How much does one goal matter? It is, after all, just one goal. But sometimes it’s not. It was the 92nd minute and it’s the winner, dramatic and desperate, but that’s not it either. It shouldn’t be this good, maybe shouldn’t be good at all, but bloody hell it was good too. Time was slipping away, tension tearing at them, and then it happened: the ball came in from the left, Tirthankar Sarkar cushions a first time pass in Suraj Rawat’s path, and the youngster lets rip. Mohammedan Sporting have beaten Chennai City and many dreams have collapsed in the process.
At 8:49 pm on Wednesday, five teams were fighting to enter the top six mini-tournament of the I-League. When the fourth official’s board went up, to show four minutes of added time, Sankarlal Chakraborty — the man who has unofficially and perhaps officially been in charge of this team for a while now — remonstrates, asking for more. Turns out they didn’t need it at all. With the win, Mohammedan knocked Chennai City’s hopes of a top six to the ground but also did for Sudeva Delhi FC’s slim chances of getting there too. A five horse race had become a three horse sprint, and crucially, Mohammedan were still in it.
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All of this despite losing to an unfancied Indian Arrows (a ‘humiliation’ they called it outside the bio bubble) and being destroyed by Yan Law’s Aizawl FC (the word used inside the bubble was ‘karma’) they had managed to get those elusive points to keep them in it. If not to win it, then at least to compete. Anything can happen in the I-League is a cliche statement, but in this new format, few things can happen and most of them seem to be happening mid table. Everyone except NEROCA (right at the bottom of the table) had a chance at the top six. But the math was upended by a 21-year-old Sikkimese midfielder, who had only come on as a substitute in the 67th minute, replacing Jamal Bhuyan — an attacking change made with the single intention of forcing a game that was, till then meaningless if not won.
Aizawl had not managed to repeat their heroics from the Mohammedan game against Real Kashmir. David Robertson’s immovable force had crushed Yan Law’s irresistible objects 3-1. If that sounds too cynical, then here’s some more. The world has changed in the last year. Social interactions, basic etiquette, professional sport, eating schedules…. But Mason Robertson still has Aizawl’s number. A simple fact (acquired courtesy social media): Mason Robertson’s second goal, a free kick from 30 yards out, was the second time he has done this to Zothanmawia, in the Aizawls goal, in a year.
Well, not exactly one year. He scored his first freekick on February 29, 2020. And it wasn’t the same goal either. Because that first goal was scored in Kashmir, in front of fans. And goals in front of fans matter. In the end they are just that, goals, but somehow they mean more. Indian football doesn’t always get stadiums filled with fans, but these goals deserve them.
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The players know this too. Rawat’s first instinct upon scoring that brilliant injury time screamer was to rush to the stands. There weren’t many people there, just some officials from the club with VIP passes, but all the celebrations were there. It was poignant and reflective of Mohammedan right now. The club had been stuck in a mire through the season, plodding through draws, with winners scored by unlikely sources. Dues were not being paid on time, but big name signings were arriving without much trouble. And then came that 3-0 Aizawl shellacking and Jose Heivia was gone, sacked silently, pushed out of the bubble in the dead of the night. Sankarlal was in charge (varied accounts suggest he always had been). Rawat’s winner was attributed to Sankarlal’s ingenuity (the commentator’s exact words: a super substitution by the Bengali tactician…) but it is worth wondering if it was so much different from what had already happened. An unlikely winner, in squeaky bum time, scored by an unlikely source. Mohammedan, sportingly, march on.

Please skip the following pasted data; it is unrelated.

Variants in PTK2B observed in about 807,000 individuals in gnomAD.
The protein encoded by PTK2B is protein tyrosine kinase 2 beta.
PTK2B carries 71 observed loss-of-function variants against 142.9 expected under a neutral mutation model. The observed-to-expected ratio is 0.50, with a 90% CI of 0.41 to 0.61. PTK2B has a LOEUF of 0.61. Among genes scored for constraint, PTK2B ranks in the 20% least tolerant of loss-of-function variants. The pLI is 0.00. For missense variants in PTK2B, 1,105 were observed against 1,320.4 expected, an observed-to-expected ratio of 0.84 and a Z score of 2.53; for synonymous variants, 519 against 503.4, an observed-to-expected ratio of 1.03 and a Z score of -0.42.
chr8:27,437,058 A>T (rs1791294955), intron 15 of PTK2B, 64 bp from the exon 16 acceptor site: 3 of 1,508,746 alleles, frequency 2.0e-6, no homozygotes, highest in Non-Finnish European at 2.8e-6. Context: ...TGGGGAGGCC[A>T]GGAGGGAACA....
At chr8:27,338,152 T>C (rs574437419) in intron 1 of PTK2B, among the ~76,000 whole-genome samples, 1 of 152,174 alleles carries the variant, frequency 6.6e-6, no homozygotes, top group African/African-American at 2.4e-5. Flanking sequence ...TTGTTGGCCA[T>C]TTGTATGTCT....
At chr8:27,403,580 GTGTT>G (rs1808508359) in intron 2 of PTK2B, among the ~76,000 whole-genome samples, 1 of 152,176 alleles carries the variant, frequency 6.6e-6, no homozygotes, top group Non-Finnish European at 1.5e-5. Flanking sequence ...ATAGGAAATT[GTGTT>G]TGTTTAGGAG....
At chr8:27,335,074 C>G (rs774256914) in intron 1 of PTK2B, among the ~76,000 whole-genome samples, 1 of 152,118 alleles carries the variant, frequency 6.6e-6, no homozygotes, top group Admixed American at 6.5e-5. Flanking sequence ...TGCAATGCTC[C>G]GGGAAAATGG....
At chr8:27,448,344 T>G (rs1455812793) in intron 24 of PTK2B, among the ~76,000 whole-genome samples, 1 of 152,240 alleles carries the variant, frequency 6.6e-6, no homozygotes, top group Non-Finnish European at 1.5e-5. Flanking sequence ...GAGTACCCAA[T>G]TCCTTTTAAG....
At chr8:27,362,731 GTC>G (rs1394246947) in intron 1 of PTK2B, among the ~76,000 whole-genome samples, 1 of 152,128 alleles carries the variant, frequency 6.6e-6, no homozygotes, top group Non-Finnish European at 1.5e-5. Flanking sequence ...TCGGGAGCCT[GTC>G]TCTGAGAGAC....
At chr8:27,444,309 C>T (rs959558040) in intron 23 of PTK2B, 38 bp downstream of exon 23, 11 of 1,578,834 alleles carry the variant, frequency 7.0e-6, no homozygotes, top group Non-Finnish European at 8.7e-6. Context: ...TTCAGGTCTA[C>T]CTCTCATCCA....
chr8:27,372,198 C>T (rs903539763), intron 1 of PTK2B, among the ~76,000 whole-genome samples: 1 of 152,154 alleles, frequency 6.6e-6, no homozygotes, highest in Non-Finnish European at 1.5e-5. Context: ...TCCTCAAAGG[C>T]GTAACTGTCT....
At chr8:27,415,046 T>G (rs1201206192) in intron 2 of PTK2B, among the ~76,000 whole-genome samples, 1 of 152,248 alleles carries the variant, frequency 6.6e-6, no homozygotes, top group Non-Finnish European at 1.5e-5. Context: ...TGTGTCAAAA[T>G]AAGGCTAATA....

- Sudeva Delhi FC took on Gokulam Kerala in what was a huge game for the Delhi side. They needed, at the very least, a point to stay in the race for the top six. In what will probably count as one of the most surprising decisions of the season though, they ended up fielding a side with seven U-22 players (four from their academy) for the biggest game of their season. If the idea was to surprise Kerala, it worked… for fifteen minutes; the Malabarians were caught unaware but adjusted brilliantly to dominate the game, squander multiple chances, and finally score a tap in to get the winner. The real winner though was goalkeeper Sachin Jha, a Delhi youngster making his debut in the I-League. Jha was always going to be tested by the likes of Denny Antwi and Philip Adjah up front, and came through with aplomb. The stats say it all. Kerala had 25 shots on Sudeva’s goal. Ten of them were on target. One went in.
- Goals matter, but players matter more. If you haven’t heard of Komron Tursanov yet, you’ve been distracted easily. The Tajikistani international has scored five goals (which include the two fastest goals in this edition of the I-League) and has three assists in this season of the I-League alone. On Wednesday he put in a performance that was an absolute masterclass. He had a role in all five goals TRAU scored against Indian Arrows. Surely a record of some sort.
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